Louisiana’s senators agreed Sunday to a $29 billion state operating budget for the financial year that begins next month, along with about $540 million in taxes necessary to pay for it.

The spending plan for the fiscal year that begins July 1 would avoid worst-case scenario cuts discussed for months. Senators voted 38-1 Sunday night for the budget proposal and then later backed the centerpiece sales tax bill with a 29-9 vote.

But the House has yet to agree to the plans in a special session that must end Monday by midnight.

The House has backed $400 million in taxes, leaving the two chambers trying to broker a tax and budget deal in the remaining hours of the session. Lawmakers remained uncertain if an agreement would be struck.

In the Senate’s budget, college campuses and the TOPS tuition program would be protected from reductions, along with major health programs and the child-welfare agency. Corrections officers would get a pay raise. Need-based aid for college students would grow. The foster care program would be expanded to pay for students to finish high school or until they reach 21 years old, rather than ending payments when a child turns 18.

“We did the best that we could,” said Senate Finance Chairman Eric LaFleur, the Ville Platte Democrat who handles the budget in the Senate.

If enough taxes aren’t passed by lawmakers to pay for the budget proposal, certain portions of the bill would take pro-rata, across-the-board cuts. Those reductions would hit TOPS, college campuses and an array of departments, but health care services would be shielded from the slashing.

Even with the taxes, some areas still would take cuts to keep the numbers in balance. On the list for reductions are the Office of Juvenile Justice, the attorney general’s office, the agriculture department and the agency that oversees state parks and museums.

LaFleur said senators prioritized the areas they wanted to protect: “It’s taking money from somebody and giving it to another.”

Gov. John Bel Edwards praised the budget proposal, saying it would avoid “catastrophic cuts to critical state services.”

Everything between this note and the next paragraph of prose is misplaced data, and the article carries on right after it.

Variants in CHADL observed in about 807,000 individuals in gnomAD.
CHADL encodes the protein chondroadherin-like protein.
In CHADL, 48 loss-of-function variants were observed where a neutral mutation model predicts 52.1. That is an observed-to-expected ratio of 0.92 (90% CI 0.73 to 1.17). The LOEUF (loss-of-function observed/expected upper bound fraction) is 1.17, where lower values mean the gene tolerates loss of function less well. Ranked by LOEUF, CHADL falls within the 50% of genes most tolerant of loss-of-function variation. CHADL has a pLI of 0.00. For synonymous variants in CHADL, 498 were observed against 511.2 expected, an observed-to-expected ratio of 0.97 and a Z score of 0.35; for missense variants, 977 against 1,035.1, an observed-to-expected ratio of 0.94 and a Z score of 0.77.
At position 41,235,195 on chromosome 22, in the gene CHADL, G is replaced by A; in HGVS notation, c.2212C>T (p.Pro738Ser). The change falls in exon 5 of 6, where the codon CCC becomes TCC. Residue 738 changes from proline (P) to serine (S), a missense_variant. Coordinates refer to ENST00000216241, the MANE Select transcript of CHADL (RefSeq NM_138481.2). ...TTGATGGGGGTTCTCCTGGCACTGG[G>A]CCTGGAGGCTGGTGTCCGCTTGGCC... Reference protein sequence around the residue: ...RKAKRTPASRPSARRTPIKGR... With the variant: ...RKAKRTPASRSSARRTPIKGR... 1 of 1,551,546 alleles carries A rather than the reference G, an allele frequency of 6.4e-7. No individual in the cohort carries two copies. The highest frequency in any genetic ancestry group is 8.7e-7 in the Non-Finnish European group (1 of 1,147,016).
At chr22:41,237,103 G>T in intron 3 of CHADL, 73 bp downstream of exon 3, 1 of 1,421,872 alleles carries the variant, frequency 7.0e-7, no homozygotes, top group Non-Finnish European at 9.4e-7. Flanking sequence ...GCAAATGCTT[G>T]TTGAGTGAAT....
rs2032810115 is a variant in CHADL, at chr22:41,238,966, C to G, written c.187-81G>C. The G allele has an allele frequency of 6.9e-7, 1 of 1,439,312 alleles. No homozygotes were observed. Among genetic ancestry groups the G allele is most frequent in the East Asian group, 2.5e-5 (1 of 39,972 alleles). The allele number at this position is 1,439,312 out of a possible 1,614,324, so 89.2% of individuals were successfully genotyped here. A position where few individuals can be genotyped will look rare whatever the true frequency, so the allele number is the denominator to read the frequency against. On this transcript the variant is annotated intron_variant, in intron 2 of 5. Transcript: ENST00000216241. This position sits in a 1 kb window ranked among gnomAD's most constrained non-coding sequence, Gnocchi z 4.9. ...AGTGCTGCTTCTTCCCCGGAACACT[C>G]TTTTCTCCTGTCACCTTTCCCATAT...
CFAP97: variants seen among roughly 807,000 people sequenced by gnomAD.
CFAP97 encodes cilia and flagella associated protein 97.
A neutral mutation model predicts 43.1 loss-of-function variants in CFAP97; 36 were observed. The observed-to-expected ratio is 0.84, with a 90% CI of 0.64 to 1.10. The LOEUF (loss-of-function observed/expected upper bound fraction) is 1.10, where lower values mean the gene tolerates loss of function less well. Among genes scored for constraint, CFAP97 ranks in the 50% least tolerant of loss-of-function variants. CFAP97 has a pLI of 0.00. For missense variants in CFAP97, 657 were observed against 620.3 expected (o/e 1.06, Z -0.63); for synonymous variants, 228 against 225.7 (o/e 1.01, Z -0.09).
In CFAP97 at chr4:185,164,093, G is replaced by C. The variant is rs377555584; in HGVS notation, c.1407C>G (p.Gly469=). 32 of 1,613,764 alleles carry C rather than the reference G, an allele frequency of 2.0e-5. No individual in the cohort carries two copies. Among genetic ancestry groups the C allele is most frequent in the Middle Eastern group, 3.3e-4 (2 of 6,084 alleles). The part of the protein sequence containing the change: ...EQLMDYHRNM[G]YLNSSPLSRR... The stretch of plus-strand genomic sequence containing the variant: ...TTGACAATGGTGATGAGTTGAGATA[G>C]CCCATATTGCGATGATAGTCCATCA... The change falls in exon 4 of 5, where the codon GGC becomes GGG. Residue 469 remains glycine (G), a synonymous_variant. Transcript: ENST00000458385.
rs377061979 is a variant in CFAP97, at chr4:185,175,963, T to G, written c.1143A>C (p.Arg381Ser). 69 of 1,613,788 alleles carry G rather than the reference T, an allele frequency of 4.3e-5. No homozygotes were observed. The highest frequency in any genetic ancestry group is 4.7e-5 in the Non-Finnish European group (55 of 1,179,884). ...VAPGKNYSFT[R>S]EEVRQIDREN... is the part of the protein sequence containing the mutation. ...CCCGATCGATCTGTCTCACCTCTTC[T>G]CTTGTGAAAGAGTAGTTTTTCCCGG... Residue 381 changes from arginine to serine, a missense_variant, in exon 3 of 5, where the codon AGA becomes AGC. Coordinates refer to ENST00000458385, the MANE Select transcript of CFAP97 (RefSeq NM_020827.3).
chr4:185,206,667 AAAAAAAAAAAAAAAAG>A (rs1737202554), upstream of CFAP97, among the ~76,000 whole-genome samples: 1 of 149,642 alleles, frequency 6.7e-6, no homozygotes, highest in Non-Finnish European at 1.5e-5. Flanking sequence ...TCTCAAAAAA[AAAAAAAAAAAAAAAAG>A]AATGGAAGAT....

“I am confident that the Legislature can get its work done in the time we have left together and continue to build on the momentum we are seeing in Louisiana,” the Democratic governor said in a statement.

Only Sen. John Milkovich, a Keithville Democrat, voted against the budget proposal. He pushed for hiring and pay freezes, along with funding cuts that were rejected by senators.

Lawmakers are in a special session called by Edwards to close a budget gap caused by expiring temporary taxes. Louisiana is expected to bring in $648 million less next year.

Edwards will not get that full amount replaced from the majority-Republican Legislature.

The House backed a sales tax bill that would renew one-third of an expiring 1 percent sales tax, eliminate some sales tax breaks and continue sales tax charges on business utilities.

Louisiana’s state sales tax rate currently is 5 percent, dropping to 4 percent on July 1. The House-passed bill would move the rate to 4.33 percent on July 1. The proposal would expire in five years.

The Senate passed a 4.5 percent sales tax rate and eliminated further sales tax breaks. The proposal would expire in seven years. Senators also voted to expand an income tax credit for the working poor, as Democrats pushed to give some tax relief to lower-income people they said would be more heavily hit by the sales tax renewal.

“It is very difficult for many members to vote for a half-cent sales tax that is so regressive,” said Sen. J.P. Morrell, a New Orleans Democrat. “I am simply trying to find a way to compromise.”

The tax break expansion is expected to run into opposition in the House.

The budget proposal also assumes lawmakers will agree to divert $53 million in oil spill recovery money from state savings accounts to instead spend on general operating expenses.

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